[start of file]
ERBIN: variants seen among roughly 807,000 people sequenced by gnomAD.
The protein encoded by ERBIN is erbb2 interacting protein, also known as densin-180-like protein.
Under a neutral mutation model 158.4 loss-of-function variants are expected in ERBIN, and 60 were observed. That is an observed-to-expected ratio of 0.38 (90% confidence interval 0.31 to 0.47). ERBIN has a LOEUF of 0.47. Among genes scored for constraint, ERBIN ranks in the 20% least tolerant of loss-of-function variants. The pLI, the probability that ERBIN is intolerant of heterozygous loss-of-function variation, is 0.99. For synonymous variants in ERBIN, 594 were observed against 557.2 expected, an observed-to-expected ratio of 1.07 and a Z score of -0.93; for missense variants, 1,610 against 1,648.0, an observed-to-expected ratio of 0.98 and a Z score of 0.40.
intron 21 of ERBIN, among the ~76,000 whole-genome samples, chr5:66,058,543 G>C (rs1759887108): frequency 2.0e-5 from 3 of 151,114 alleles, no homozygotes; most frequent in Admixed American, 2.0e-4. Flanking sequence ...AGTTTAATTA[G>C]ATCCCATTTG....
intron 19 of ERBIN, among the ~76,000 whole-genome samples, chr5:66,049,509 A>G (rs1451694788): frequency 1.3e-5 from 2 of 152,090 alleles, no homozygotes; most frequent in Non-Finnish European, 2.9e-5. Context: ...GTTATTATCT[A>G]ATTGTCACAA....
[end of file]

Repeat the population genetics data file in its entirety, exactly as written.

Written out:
ERBIN: variants seen among roughly 807,000 people sequenced by gnomAD.
The protein encoded by ERBIN is erbb2 interacting protein, also known as densin-180-like protein.
Under a neutral mutation model 158.4 loss-of-function variants are expected in ERBIN, and 60 were observed. That is an observed-to-expected ratio of 0.38 (90% confidence interval 0.31 to 0.47). ERBIN has a LOEUF of 0.47. Among genes scored for constraint, ERBIN ranks in the 20% least tolerant of loss-of-function variants. The pLI, the probability that ERBIN is intolerant of heterozygous loss-of-function variation, is 0.99. For synonymous variants in ERBIN, 594 were observed against 557.2 expected, an observed-to-expected ratio of 1.07 and a Z score of -0.93; for missense variants, 1,610 against 1,648.0, an observed-to-expected ratio of 0.98 and a Z score of 0.40.
intron 21 of ERBIN, among the ~76,000 whole-genome samples, chr5:66,058,543 G>C (rs1759887108): frequency 2.0e-5 from 3 of 151,114 alleles, no homozygotes; most frequent in Admixed American, 2.0e-4. Flanking sequence ...AGTTTAATTA[G>C]ATCCCATTTG....
intron 19 of ERBIN, among the ~76,000 whole-genome samples, chr5:66,049,509 A>G (rs1451694788): frequency 1.3e-5 from 2 of 152,090 alleles, no homozygotes; most frequent in Non-Finnish European, 2.9e-5. Context: ...GTTATTATCT[A>G]ATTGTCACAA....